Great Love Stories: Sleepless in Seattle

What if someone you never met, someone you never saw, someone you never knew was the only someone for you?


Sleepless in Seattle is a popular 1993 American romantic comedy-drama film directed and co-written by Nora Ephron based on a story by Jeff Arch. The film was inspired by the 1957 movie An Affair to Remember starring Cary Grant and Deborah Kerr.

Sam Baldwin (played by Tom Hanks), a Chicago architect and endearing bleeding heart, loses his wife Maggie to cancer. He and his young son Jonah start anew in Seattle, but 18 months later Sam continues to grieve and has trouble sleeping (hence “Sleepless in Seattle”). Annie Reed (played by Meg Ryan), a Baltimore Sun reporter and charming pointy head, is engaged to Walter, a fellow pointy head, in a practical but passionless relationship.

Sam has experienced love at first sight, and he finds it hard to imagine that he could ever love that way again, which is why he has not started dating. On Christmas Eve the two are home alone, and Jonah—who wants his father to find a new wife—calls in to a talk radio show called “You and Your Emotions.”

Sam, coerced by Jonah into talking on air, confesses his plan for living without the love of his life: “Well, I’m gonna get out of bed every morning, breathe in and out all day long. Then, after a while I won’t have to remind myself to get out of bed every morning and breathe in and out, and, then after a while, I won’t have to think about how I had it great and perfect for a while.”

Annie’s plan for living is to play it emotionally safe by marrying Walter (played by Bill Pullman)—a hyper-allergic and slightly effeminate man of whom Annie’s highest compliment is that “he’s such a wonderful athlete.” Huh? But after hearing Sam’s moving sentiments on the radio, Annie is experiencing cold feet. What if there is something more to love than agreeing on a china pattern and the number of place settings?

Unlike Sam, Annie is not is not sure how to process her feelings. In vain, she watches romance movies and tries to rationalize the concept of love. She asks a co-worker, “l mean, why did you get married? Was it aIl trumpets and fireworks? Did you believe she was the only person for you? That in some mystical, cosmic way it was fated?” Annie doesn’t trust her feelings as knowledge. After watching An Affair to Remember on TV with her friend and editor Becky (played by Rosie O’Donnell), Annie proclaims, “Now those were the days when people knew how to be in love. They knew it. Time, distance, nothing could separate them, because they knew it was right. It was reaI. It was– -“ Becky finishes her sentence, “A movie. That’s your problem. You don’t want to be in love. You want to be in love in a movie.”

The next day Annie impulsively writes a letter to Sam suggesting that he meet her on top of the Empire State Building on Valentine’s Day—just like in the movie. Annie never intends to send the letter—she’s too practical for that—but Becky secretly mails it behind her back.

In her letter, Annie randomly states that she thinks Brooks Robinson is the greatest baseball player of all time—apparently mutual regard for Robinson is a must for any serious relationship. As it turns out, Robinson also happens to be Sam’s favorite baseball player, and Jonah tries to convince Sam that it’s a sign, to which Sam responds, “I’ll show you a sign. Here’s a sign (as he points to a map of the United States). Where is Seattle? Where is Baltimore? There’s like 26 states between here and there. Now that’s a sign!”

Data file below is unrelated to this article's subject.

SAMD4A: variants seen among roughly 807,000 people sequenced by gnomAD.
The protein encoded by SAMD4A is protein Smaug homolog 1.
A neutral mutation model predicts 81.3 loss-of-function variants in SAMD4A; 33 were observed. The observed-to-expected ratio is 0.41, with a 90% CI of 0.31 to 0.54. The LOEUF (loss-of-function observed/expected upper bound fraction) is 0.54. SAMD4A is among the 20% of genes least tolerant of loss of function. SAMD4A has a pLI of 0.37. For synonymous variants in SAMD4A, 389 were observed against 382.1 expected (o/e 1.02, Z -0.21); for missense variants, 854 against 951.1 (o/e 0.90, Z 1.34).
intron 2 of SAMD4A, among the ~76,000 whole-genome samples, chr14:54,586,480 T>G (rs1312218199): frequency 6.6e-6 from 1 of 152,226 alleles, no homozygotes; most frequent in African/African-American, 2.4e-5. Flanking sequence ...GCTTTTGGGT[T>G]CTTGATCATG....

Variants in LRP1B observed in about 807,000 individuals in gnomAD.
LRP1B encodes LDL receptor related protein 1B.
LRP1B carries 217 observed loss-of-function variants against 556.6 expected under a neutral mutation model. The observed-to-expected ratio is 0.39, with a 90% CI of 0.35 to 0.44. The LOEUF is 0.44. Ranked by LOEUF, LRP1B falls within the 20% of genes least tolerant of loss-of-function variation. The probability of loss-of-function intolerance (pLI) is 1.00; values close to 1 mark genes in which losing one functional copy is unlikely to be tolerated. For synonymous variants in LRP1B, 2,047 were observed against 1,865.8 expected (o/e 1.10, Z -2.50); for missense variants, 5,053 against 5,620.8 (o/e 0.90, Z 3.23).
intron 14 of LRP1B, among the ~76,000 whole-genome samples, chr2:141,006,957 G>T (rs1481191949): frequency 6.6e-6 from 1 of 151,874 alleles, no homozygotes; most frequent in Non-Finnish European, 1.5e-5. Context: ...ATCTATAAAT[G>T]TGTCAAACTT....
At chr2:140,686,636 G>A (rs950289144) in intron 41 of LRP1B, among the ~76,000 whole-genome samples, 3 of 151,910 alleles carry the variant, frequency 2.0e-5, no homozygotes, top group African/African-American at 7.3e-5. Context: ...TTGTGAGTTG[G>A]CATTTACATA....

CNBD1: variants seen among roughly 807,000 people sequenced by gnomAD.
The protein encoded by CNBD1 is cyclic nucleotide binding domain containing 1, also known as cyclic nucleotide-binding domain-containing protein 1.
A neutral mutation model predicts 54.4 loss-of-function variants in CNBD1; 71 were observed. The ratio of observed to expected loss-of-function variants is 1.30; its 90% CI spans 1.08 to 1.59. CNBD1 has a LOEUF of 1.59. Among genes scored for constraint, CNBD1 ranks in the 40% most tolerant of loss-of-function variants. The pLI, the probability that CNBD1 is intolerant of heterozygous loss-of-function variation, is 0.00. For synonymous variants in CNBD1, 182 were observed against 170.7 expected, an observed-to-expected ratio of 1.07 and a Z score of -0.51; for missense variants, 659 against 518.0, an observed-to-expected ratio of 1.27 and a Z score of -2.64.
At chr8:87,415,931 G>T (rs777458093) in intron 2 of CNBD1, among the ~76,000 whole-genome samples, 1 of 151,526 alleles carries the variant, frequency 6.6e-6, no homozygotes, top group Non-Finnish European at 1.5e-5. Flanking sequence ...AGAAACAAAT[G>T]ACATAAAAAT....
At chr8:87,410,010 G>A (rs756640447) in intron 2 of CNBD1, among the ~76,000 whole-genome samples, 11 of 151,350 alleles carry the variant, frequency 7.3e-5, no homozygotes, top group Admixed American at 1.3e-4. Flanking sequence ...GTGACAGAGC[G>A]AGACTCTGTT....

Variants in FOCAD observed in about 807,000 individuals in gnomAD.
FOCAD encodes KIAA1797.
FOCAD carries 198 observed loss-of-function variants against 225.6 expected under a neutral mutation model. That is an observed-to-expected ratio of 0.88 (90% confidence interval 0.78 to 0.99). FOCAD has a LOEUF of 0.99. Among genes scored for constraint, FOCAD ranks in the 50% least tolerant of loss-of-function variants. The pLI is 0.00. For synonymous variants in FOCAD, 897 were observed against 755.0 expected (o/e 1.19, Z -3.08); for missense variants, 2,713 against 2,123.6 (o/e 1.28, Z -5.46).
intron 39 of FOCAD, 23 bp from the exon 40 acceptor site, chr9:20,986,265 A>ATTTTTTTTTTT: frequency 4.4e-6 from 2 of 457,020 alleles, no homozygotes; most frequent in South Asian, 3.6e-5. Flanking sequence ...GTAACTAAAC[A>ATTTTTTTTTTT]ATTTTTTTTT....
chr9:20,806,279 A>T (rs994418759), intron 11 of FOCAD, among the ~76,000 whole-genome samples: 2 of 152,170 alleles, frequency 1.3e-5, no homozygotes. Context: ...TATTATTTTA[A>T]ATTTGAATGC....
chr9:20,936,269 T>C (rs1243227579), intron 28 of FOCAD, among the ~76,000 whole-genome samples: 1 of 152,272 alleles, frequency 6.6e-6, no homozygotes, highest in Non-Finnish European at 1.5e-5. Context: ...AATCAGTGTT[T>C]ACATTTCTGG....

Like Sam, Annie is too much of a realist to believe in romantic destiny. When her mom suggests that destiny explains Annie’s first meet up with Walter as result of a mixed up lunch order (think “The Lunch Box”), Annie responds, “Destiny is something we’ve invented because we can’t stand the fact that everything that happens is accidental.”

In the end, Annie dumps Walter. Jonah manages to bring Sam and Annie together on top of the Empire State Building on Valentine’s Day, and the couple departs (with Jonah in hand) to live happily ever after. It’s a sappy plot with a predictable ending and limited character development, and yet lots of us love it. Why?

Here’s how we see it. The story is about the possibility of love destiny—the notion that lovers are predetermined by destiny to be together. Of all the personality types, only the bleeding-hearted psychics (intuitive/feeling types like the Muse, Poet, Prophet, and Romantic) [Review Personality Traits] are prone to believe in such things—the other 85 percent of us are too practical or intellectual and understand that, “You just can’t keep having all these adolescent fantasies about how exciting your life is gonna be.”  Faced with the harsh realities and logic of life, we want to imagine, at least for a little while, that true love is indeed written in the stars. Then, after the credits roll and the music ends, we can go on with our unromantic and uninspired, but exceedingly realistic and sensible lives.

Our personality quiz and educational materials are based on Carl Jung’s theory of psychological types and the research of Isabel Myers (creator of the Myers-Briggs), David Keirsey, and Paul and Barbara Tieger, and others.

Disclaimer: 2bme has no affiliation with the Myers & Briggs Foundation or its affiliate, Consulting Psychologists Press, Inc., and we do not administer the MBTI® instrument or the Myers-Briggs® assessment.

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